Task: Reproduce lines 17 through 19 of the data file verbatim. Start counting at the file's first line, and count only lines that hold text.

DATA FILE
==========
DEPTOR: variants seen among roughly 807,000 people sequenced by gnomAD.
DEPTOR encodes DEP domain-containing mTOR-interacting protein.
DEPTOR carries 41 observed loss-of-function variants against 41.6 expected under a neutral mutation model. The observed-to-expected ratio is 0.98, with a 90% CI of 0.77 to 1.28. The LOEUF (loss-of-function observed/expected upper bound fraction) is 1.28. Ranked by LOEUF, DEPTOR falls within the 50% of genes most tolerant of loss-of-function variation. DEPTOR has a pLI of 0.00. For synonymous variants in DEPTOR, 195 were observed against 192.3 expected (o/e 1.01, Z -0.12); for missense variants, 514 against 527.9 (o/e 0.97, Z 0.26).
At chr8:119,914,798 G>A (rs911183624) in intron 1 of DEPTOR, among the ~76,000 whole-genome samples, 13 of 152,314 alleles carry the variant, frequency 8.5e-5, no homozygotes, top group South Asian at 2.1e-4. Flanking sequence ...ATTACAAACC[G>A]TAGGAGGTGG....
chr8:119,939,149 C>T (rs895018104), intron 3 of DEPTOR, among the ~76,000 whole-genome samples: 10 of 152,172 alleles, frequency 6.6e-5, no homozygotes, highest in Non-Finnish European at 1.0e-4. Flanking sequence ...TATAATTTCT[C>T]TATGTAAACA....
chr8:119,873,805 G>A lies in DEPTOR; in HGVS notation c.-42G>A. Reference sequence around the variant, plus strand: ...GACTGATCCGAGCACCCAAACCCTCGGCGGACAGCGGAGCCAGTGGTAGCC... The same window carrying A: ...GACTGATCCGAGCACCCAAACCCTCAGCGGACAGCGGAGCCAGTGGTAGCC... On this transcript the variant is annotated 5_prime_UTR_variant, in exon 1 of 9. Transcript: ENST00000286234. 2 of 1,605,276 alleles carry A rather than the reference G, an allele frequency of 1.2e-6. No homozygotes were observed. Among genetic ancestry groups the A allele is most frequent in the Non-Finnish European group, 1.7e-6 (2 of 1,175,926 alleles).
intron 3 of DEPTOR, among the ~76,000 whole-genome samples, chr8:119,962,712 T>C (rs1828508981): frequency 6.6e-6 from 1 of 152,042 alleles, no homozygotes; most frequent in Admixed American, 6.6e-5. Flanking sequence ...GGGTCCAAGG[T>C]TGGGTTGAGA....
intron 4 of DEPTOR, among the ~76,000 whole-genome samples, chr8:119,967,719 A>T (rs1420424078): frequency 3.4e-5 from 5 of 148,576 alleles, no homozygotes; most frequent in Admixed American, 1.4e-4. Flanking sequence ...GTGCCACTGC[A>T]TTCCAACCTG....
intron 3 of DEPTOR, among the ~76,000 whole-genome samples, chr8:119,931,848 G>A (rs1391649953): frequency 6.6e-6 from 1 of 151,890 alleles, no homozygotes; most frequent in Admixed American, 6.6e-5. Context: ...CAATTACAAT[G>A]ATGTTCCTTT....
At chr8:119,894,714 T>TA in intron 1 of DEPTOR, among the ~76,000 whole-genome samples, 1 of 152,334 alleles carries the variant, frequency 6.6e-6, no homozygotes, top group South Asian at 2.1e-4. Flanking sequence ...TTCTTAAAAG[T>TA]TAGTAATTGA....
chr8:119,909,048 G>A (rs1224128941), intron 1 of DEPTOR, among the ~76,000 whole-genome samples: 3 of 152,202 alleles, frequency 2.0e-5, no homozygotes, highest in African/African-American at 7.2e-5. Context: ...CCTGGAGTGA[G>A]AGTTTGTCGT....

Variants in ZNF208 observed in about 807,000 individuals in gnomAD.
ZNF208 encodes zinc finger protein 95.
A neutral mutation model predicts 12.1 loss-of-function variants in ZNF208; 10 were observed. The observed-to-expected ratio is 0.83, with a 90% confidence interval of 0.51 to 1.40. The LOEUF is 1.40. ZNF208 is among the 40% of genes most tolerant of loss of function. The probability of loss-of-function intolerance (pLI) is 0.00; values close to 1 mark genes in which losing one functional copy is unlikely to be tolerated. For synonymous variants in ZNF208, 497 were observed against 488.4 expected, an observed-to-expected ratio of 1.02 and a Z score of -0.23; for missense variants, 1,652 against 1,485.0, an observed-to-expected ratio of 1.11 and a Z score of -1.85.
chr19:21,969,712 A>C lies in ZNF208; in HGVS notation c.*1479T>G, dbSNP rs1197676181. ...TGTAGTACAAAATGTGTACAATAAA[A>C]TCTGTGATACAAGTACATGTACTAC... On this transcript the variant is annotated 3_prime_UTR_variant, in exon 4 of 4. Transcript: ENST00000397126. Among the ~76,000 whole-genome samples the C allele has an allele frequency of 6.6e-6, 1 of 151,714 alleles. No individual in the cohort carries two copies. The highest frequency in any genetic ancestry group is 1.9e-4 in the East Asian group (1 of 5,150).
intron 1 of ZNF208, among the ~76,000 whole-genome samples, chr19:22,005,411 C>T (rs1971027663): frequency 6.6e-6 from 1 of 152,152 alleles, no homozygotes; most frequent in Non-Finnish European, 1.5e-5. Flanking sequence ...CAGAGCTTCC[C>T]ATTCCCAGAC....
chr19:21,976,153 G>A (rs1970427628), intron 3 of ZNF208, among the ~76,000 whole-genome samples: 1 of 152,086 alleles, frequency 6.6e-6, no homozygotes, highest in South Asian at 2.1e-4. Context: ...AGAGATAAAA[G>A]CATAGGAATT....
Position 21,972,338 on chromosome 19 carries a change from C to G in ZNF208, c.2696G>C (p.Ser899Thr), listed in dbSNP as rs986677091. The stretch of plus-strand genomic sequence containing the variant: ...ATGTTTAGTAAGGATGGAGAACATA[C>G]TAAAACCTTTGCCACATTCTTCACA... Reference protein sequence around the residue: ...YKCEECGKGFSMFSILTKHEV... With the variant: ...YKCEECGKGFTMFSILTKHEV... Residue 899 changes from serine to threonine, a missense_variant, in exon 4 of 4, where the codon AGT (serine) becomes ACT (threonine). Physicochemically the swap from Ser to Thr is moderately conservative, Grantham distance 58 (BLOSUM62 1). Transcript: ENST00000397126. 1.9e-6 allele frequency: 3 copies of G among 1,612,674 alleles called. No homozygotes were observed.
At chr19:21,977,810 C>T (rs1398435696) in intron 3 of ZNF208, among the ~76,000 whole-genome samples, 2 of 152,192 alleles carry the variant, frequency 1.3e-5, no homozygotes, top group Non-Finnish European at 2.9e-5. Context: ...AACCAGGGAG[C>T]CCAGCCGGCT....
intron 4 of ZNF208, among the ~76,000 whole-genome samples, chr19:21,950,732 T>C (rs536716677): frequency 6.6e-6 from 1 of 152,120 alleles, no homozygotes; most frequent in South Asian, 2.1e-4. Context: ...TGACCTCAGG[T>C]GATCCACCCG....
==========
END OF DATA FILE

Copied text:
chr19:21,976,153 G>A (rs1970427628), intron 3 of ZNF208, among the ~76,000 whole-genome samples: 1 of 152,086 alleles, frequency 6.6e-6, no homozygotes, highest in South Asian at 2.1e-4. Context: ...AGAGATAAAA[G>A]CATAGGAATT....
Position 21,972,338 on chromosome 19 carries a change from C to G in ZNF208, c.2696G>C (p.Ser899Thr), listed in dbSNP as rs986677091. The stretch of plus-strand genomic sequence containing the variant: ...ATGTTTAGTAAGGATGGAGAACATA[C>G]TAAAACCTTTGCCACATTCTTCACA... Reference protein sequence around the residue: ...YKCEECGKGFSMFSILTKHEV... With the variant: ...YKCEECGKGFTMFSILTKHEV... Residue 899 changes from serine to threonine, a missense_variant, in exon 4 of 4, where the codon AGT (serine) becomes ACT (threonine). Physicochemically the swap from Ser to Thr is moderately conservative, Grantham distance 58 (BLOSUM62 1). Transcript: ENST00000397126. 1.9e-6 allele frequency: 3 copies of G among 1,612,674 alleles called. No homozygotes were observed.
At chr19:21,977,810 C>T (rs1398435696) in intron 3 of ZNF208, among the ~76,000 whole-genome samples, 2 of 152,192 alleles carry the variant, frequency 1.3e-5, no homozygotes, top group Non-Finnish European at 2.9e-5. Context: ...AACCAGGGAG[C>T]CCAGCCGGCT....